If you’re new to trail riding, it’s easy to think it’s just a hillier extension of the arena. Not quite. Trail riding offers an escape to beautiful, wild places — but also brings with it a responsibility to keep those places pristine and to respect the experiences of other visitors. Here are a few tips to help you become an upstanding citizen of the trails.
One thing that has always been part of the equestrian ethic is personal responsibility, whether it’s just a day ride or an extended backcountry adventure. Before heading out, learn about the area, gather appropriate equipment (depending upon the length and remoteness of your ride), and be prepared to take care of yourself.
Whether you’re day riding or camping in backcountry areas for days on end, things can go wrong. Not only could you be in danger, but other people may have to shoulder the challenge of bailing you out. A well-executed trip is a satisfaction to you and not a burden to others.
Respect Other Users
We’re all members of one big trail family seeking quality experiences. We must learn to share. Our motivations are no different from those of other trail users regardless of our mode of travel. Here are my top three ways we can show other users the respect they deserve.
- Pick up your poop… at the trailhead. Having an equine doesn’t give you priority over other people enjoying the trails or the trailhead. Recognize that everyone has the right to enjoy the outdoors. Please don’t leave manure laying around the trailhead. Yes, it’s grass. It’s also a congestion point with many people and animals in one spot. A poo filled parking area gives the impression that all horsemen are slobs and gives credence to arguments that equine use should be restricted.
- Know who has right of way… with common sense. Basic traffic rules keep things moving smoothly and safely on the trails. When going downhill, yield to those coming up. Yes, mountain bikers and hikers should yield to equestrians, although, in practice, it can often be easier to let them go by. Yielding means establishing communication, being prepared to stop if necessary, and passing safely. A friendly “howdy” goes a long way!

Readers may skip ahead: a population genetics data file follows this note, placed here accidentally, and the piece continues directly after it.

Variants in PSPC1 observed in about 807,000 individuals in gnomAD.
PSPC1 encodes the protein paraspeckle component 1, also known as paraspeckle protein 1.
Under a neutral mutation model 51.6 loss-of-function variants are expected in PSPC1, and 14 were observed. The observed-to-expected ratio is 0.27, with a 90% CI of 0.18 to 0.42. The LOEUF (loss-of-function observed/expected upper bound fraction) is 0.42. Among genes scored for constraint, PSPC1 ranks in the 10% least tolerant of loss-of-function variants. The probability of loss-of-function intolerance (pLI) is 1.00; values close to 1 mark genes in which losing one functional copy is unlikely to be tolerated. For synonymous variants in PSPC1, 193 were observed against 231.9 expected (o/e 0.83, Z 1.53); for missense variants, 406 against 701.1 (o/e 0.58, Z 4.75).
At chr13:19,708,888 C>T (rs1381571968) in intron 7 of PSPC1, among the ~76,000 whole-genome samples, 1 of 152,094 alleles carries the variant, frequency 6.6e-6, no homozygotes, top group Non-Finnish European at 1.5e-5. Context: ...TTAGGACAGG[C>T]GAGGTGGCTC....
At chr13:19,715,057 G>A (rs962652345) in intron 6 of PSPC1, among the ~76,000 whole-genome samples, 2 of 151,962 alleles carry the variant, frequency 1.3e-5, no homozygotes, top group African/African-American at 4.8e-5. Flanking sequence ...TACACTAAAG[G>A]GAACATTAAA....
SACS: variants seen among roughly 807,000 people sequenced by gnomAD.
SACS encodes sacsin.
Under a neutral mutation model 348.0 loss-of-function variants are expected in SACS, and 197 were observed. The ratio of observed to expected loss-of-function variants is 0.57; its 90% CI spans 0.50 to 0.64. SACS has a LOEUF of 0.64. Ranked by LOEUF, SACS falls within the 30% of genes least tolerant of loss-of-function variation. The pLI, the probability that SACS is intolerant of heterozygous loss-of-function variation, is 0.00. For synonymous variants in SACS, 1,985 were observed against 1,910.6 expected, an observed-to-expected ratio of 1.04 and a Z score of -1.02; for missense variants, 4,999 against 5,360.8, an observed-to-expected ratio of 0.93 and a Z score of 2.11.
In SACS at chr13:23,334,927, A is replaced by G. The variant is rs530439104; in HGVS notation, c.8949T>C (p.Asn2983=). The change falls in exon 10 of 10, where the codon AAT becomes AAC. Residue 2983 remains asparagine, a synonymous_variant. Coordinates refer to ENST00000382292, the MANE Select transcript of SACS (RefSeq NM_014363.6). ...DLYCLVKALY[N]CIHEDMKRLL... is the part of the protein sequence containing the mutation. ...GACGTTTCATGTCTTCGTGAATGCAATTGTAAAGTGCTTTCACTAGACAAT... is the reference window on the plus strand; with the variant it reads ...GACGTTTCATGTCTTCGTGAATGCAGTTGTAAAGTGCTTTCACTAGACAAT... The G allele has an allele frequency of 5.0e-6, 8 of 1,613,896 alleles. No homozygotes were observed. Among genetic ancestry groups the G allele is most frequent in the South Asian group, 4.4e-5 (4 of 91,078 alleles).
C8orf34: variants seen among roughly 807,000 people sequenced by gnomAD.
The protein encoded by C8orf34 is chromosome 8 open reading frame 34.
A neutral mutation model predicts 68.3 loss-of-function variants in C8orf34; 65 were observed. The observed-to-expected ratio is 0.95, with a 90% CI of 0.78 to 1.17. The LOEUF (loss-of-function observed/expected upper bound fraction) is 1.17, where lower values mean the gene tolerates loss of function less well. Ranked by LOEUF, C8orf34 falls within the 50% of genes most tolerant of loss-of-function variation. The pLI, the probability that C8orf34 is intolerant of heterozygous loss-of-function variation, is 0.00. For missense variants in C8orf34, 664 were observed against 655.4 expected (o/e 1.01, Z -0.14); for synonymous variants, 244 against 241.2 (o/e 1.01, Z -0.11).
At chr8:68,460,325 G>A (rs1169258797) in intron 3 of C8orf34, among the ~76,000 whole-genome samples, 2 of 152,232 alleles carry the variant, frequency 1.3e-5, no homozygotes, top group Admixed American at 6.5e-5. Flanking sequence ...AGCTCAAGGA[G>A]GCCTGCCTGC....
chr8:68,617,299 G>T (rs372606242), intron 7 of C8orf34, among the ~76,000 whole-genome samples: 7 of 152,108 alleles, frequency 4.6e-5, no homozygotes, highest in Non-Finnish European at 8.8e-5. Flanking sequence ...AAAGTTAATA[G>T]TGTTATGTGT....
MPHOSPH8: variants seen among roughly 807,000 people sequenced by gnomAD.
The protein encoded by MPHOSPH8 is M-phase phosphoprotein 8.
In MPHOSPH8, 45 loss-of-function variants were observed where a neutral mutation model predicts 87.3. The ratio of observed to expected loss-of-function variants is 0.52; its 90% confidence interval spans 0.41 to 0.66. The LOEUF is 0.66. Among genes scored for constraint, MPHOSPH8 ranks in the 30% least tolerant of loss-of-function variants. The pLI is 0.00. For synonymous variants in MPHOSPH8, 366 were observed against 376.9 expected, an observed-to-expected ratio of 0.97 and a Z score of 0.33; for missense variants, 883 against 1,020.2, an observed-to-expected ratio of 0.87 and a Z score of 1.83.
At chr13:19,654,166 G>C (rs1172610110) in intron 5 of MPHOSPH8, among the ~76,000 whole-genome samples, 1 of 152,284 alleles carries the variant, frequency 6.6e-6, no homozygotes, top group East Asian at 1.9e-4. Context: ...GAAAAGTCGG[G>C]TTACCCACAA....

- Be a good dog… owner.Dogs can leave their mark on the outdoors in more ways than one. Responsible dog owners obey the rules, which differ from area to area. Are dogs allowed on the trail? Do they need to stay on leash? Keep off-leash dogs in sight and under voice control to keep them from stressing wildlife or other trail users who don’t like being jumped on, barked at or attacked.
Protect the Environment
Trail riding and horse camping mean spending time in the great outdoors. Getting prepared for those adventures means that you’re going to hear the phrase “Leave No Trace” as often as you hear “The Ten Essentials.” What does it mean? Simply put, it’s the best practices we should follow to enjoy and protect our natural spaces.
Here are my top 4 ways help protect the trails and areas that we love.
- Stay on the trail. Ride straight through muddy stretches of trail and don’t cut switchbacks. Skirting mucky spots or taking shortcuts widens the tread, hastens erosion and scars the landscape with a maze of “social trails.” Mud can usually be avoided with a bit of planning. Know which trails get muddy and simply seek out drier areas if possible.
- Don’t litter. Pack out all of your trash and make an effort to pick up whatever garbage you find along the way. Yes, this may require to you to dismount. It’s good exercise; enjoy it.
- Honor trail restrictions. Seasonal closures and other rules might keep you temporarily off your favorite trail, but they’re in place for good reasons, like reducing erosion and protecting wildlife.
- Give back. Trails don’t just happen. While equestrians can be credited with developing many of the nation’s earliest trails, the fact is that today horse riders must work to protect the access that used to be a given. Our theme song used to be “Home on the Range”. Now it’s “Don’t Fence Me In.” Volunteer with organizations that build and maintain trails and advocate for equestrian use, or groups who preserve our natural spaces. Volunteering builds valuable ties to land managers and to other trail-user groups like hikers and mountain bikers. Every user group has a stake in trails. It benefits all of us in the long run to get along and share these resources.
Being a trail rider involves understanding how to be a responsible steward and a friend to everyone else who is out enjoying the trails. Help keep your horse trails open far into the future by being a good example of environmentally sound and socially responsible trail use.
As always, for more information on trail riding along with the world’s largest guide to horse trails and camps, visit www.TrailMeister.com
Robert Eversole, ”the trail meister,” owns www.TrailMeister.com, the largest database of horse riding and camping areas in the U.S. with free trail and trailhead information, trail maps, and much more to help horse enthusiasts experience the joys of trail riding. Robert is a registered riding instructor with PATH International, a mounted search and rescue team member, and a U.S. Marine who has served on the board of the Backcountry Horsemen of Washington (BCHW). He is enjoying his new career helping fellow trail riders stay found and safe on the trail. When not on the trail, The Trail Meister resides near Spokane, WA and teaches land navigation to a wide variety of outdoor groups across the nation. For North America’s largest horse trail and camping directory, trail tips, and more, visit www.TrailMeister.com.